#4 ‘America Without Tears’ by Declan McManus. Again, any number of Elvis Costello songs from the 80s would have an equal claim, and any number of songs from this album, King of America. Co-produced with T-Bone Burnett (they’d been buddies for a long time, doubling as country act Hank & Howard Coward), it remains perhaps his finest hour. This number is tale of G.I.s finding English brides during WWII, and bringing them home. I remember the wonderfully evocative blank and white original video, with footage of couples waltzing in dancehalls, but I can’t locate it just now on the t-idirlíon.


#5 ‘This Must Be The Place (Naïve Melody)’ by Talking Heads. Frequently criticised at the time as overly cerebral, this verdict ignored David Byrne’s and the band’s incorporating elements of funk and gospel , which actually began quite early (e.g. their cover of ‘Take Me To The River’). This is the band at its most yearning. By David Byrne’s admission, lyrically it is the only straight love song he had written up to that point. It’s a naive melody because the guitar and bass both play the same parts. It remains untarnished despite having its title coopted for Paolo Sorrentino’s interminable film. When my friend and former student Janey Lewis died, this was one of the songs she selected to be played at the service at her funeral (along with ‘Raised On Robbery’ by Joni Mitchell, and ‘I Predict A Riot’ by The Kaiser Chiefs). Probably not even the band's best song, and Fear Of Music is their strongest album, yet relatively atypical though it is, it sure has the resonance of all their best work.


#6 ‘Straight To Hell’ by The Clash. Given recent events in the ‘druggy-drag ragtime USA’, this song about immigration seems just as releveant as it was when released back in 1982. However, Joe Strummer does not limit himself to the plight of those Vietmanese kids - abandoned by their G.I. fathers - with the ‘Amerasian Blues’, but references hostility to immigrants in the north of England after steel mills have closed down (hey, that’s going on now too, ‘blame those Poles down the road, not the bankers’ for the recession), Latinos in Nueva York, and broadens his trademark collage canvas in the final verse to include everyone everywhere: ‘It could be anywhere/Most likely could be any frontier/Any hemisphere/No man's land and there ain't no asylum here/King Solomon he never lived round here.’ Donald Trump certainly ain’t no King Solomon. But, as always, the lyrics are only half the story, and Mick Jones supplies a very tasty, hypnotic two chord guitar and keyboard reverb figure, nailed with a throbbing bassline and fluid ‘bossa nova’ drumming from rhythm section Paul Simenon and Topper Heddon. I, of course, prefer the longer version producedby Mick Jones, which later appeared on the bootleg Rat Patrol From Fort Bragg, rather than the one on official release Combat Rock which - under record company pressure - had been doctored by Glynn Johns to produce a shorter album. The thing about The Clash was, in their short career they kept churning out great stuff right up until the end (I mean until Mick Jones left). They kind of knew they’d painted (one of) their masterpieces when they’d finished laying down this track, as remembered by Saint Joe:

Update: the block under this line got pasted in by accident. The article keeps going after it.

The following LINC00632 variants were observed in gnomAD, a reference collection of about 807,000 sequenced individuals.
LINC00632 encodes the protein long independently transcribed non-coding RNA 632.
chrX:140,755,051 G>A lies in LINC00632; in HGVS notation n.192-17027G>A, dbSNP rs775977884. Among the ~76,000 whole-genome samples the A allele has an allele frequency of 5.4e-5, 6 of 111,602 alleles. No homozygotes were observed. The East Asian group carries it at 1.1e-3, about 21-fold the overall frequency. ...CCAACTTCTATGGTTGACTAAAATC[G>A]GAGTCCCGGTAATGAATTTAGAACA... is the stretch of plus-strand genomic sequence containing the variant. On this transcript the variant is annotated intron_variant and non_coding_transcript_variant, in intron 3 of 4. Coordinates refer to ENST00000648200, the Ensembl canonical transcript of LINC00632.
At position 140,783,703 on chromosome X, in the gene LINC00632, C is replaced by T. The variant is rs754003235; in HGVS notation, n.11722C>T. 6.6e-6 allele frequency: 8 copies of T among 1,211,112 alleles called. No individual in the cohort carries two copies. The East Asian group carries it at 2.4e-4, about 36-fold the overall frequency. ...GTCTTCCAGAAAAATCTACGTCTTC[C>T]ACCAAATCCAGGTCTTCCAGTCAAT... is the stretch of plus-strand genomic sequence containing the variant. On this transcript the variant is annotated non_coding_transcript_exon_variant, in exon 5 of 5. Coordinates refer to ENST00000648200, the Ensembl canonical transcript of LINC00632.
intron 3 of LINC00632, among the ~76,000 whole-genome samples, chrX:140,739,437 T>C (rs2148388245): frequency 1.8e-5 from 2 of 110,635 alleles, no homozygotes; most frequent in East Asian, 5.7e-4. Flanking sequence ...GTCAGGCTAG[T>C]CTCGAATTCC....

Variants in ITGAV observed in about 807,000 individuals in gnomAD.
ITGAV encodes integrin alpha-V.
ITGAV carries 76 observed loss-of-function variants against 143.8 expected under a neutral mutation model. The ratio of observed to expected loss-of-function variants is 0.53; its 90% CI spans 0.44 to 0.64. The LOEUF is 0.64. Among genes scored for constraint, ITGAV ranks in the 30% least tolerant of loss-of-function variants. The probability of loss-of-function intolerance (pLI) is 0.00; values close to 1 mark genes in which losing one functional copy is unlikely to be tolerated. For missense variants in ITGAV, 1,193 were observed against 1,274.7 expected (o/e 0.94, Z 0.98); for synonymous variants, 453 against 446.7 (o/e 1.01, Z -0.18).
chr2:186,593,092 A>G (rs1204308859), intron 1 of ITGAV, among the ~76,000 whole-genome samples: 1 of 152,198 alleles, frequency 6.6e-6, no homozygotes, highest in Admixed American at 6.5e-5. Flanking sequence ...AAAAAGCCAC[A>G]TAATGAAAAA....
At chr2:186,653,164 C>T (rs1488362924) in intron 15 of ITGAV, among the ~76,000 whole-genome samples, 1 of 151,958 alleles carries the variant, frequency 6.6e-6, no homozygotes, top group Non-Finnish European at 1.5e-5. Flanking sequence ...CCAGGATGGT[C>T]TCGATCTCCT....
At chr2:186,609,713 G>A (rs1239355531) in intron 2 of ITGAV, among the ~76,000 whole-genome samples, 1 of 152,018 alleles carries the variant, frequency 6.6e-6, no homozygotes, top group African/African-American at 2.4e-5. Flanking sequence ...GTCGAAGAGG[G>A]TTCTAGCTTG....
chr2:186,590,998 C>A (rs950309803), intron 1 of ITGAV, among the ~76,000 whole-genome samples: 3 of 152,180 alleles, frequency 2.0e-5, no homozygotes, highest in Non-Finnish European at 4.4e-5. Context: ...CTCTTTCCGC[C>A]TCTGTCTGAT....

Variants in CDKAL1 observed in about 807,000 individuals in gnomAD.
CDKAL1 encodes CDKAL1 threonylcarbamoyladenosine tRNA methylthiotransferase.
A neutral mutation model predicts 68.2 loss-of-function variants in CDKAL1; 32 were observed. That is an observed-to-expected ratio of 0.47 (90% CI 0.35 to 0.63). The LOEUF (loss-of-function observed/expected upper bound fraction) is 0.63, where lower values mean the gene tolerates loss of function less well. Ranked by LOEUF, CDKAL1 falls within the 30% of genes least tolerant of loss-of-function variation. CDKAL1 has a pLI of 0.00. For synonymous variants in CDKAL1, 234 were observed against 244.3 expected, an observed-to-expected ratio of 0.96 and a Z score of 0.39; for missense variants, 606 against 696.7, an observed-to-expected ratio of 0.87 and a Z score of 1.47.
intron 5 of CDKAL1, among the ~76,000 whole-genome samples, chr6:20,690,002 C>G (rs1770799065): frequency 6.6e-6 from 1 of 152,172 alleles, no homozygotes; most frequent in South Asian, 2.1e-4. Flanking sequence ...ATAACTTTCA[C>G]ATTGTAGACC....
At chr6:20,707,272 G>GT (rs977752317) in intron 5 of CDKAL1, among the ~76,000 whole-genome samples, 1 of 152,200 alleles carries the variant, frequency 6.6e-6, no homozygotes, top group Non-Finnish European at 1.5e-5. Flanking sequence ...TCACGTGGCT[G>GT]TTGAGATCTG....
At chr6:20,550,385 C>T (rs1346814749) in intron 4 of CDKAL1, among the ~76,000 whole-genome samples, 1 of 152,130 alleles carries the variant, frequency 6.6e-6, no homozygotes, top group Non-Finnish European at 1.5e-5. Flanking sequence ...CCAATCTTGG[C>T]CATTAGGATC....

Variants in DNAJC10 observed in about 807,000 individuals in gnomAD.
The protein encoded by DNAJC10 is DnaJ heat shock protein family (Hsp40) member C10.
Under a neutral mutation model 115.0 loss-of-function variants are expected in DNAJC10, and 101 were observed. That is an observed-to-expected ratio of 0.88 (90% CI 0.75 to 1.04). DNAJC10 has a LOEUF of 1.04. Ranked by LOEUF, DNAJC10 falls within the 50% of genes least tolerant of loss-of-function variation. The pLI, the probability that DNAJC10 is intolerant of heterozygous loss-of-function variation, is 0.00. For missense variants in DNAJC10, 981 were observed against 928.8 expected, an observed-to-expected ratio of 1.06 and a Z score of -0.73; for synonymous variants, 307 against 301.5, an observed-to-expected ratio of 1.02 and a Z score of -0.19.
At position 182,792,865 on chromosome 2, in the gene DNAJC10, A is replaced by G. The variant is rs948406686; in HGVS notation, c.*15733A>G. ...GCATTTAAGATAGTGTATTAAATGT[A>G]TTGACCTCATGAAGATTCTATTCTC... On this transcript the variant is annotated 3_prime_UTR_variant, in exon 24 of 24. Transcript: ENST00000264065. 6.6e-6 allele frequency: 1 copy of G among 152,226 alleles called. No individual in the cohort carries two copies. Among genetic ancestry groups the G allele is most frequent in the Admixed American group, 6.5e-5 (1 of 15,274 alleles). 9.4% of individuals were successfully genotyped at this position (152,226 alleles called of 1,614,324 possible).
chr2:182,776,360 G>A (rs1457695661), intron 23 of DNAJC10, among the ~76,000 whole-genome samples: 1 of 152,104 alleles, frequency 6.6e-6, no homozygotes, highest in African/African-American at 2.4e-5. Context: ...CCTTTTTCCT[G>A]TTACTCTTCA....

‘I'd written the lyric staying up all night at the Iroquois Hotel. I went down to Electric Lady and I just put the vocal down on tape, we finished about twenty to midnight. We took the E train from the Village up to Times Square. I'll never forget coming out of the subway exit, just before midnight, into a hundred billion people, and I knew we had just done something really great.’

Joe Strummer, Clash on Broadway box set booklet.